Brain Health Spotlight - Smart Bike Reduces Symptoms of Parkinson's
Kent State researchers develop therapeutic cycle to reduce symptoms of Parkinson's.
Angela Ridgel, Ph.D., associate professor of exercise science in the College of Education, Health and Human Services, received a grant from the TeCK Fund to help pay for the design and manufacture of a SMART (Speed Manipulated Adaptive Rehabilitation Therapy) Cycle prototype, a motorized therapy bike specially tailored to help ease the symptoms of patients with Parkinson’s disease.
She worked with engineers at Case Western Reserve University and Rockwell Automation in Cleveland to develop advanced programming features so the cycle’s controls will adapt to different patients’ abilities and needs. Ridgel hopes that within several years of research and funding, Parkinson’s patients could have the bike in their homes for daily therapy.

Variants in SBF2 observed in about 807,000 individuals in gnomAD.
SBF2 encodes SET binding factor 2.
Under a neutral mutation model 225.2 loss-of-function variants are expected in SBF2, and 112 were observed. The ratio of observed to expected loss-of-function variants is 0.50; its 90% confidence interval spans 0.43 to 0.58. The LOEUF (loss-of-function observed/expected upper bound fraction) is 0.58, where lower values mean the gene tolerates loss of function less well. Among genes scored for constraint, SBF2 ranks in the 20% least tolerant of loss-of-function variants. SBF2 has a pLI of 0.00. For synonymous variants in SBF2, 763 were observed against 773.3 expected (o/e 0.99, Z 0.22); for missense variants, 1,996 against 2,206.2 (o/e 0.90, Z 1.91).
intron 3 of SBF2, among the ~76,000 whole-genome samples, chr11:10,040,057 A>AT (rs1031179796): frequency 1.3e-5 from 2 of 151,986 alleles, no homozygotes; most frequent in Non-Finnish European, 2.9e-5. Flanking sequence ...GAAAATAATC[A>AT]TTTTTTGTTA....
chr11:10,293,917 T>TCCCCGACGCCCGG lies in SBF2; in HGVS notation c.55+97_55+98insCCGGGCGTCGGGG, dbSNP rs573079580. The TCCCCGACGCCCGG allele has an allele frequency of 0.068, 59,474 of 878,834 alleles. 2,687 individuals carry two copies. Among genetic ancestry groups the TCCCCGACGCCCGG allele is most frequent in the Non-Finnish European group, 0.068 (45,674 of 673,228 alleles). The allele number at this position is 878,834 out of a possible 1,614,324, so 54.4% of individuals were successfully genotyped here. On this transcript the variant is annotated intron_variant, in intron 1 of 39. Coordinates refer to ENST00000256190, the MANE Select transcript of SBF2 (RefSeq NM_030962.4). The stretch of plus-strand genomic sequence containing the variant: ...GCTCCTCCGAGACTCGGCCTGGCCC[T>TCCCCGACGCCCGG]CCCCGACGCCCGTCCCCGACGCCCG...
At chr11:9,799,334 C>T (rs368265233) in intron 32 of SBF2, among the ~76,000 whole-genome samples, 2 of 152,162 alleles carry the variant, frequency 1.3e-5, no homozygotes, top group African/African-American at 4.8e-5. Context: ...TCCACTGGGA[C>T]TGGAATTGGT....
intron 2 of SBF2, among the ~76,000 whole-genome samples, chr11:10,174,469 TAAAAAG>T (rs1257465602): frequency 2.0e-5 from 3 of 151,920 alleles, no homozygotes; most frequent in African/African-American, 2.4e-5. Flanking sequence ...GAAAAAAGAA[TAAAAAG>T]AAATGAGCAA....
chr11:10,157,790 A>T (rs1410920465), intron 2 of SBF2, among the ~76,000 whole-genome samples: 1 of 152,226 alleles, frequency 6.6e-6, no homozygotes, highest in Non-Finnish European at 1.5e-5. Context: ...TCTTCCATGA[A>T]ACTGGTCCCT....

While the therapeutic cycle may never cure Parkinson’s, researchers believe that it can dramatically improve the disease’s symptoms, including neurological weakness, tremors, and rigidity.
Dr. Ridgel has dedicated her research since 2006 to the impact of cycling therapy on Parkinson’s sufferers.
“I’ve always been fascinated by the complexities of the brain and how the brain does all the things that it does,” she said. “My background is in neurobiology, studying how the nervous system produces movement. If you think about how the nervous system produces movement it’s most interesting to look at instances where the nervous system is not producing movements correctly,” Dr. Ridgel said, explaining her research focus.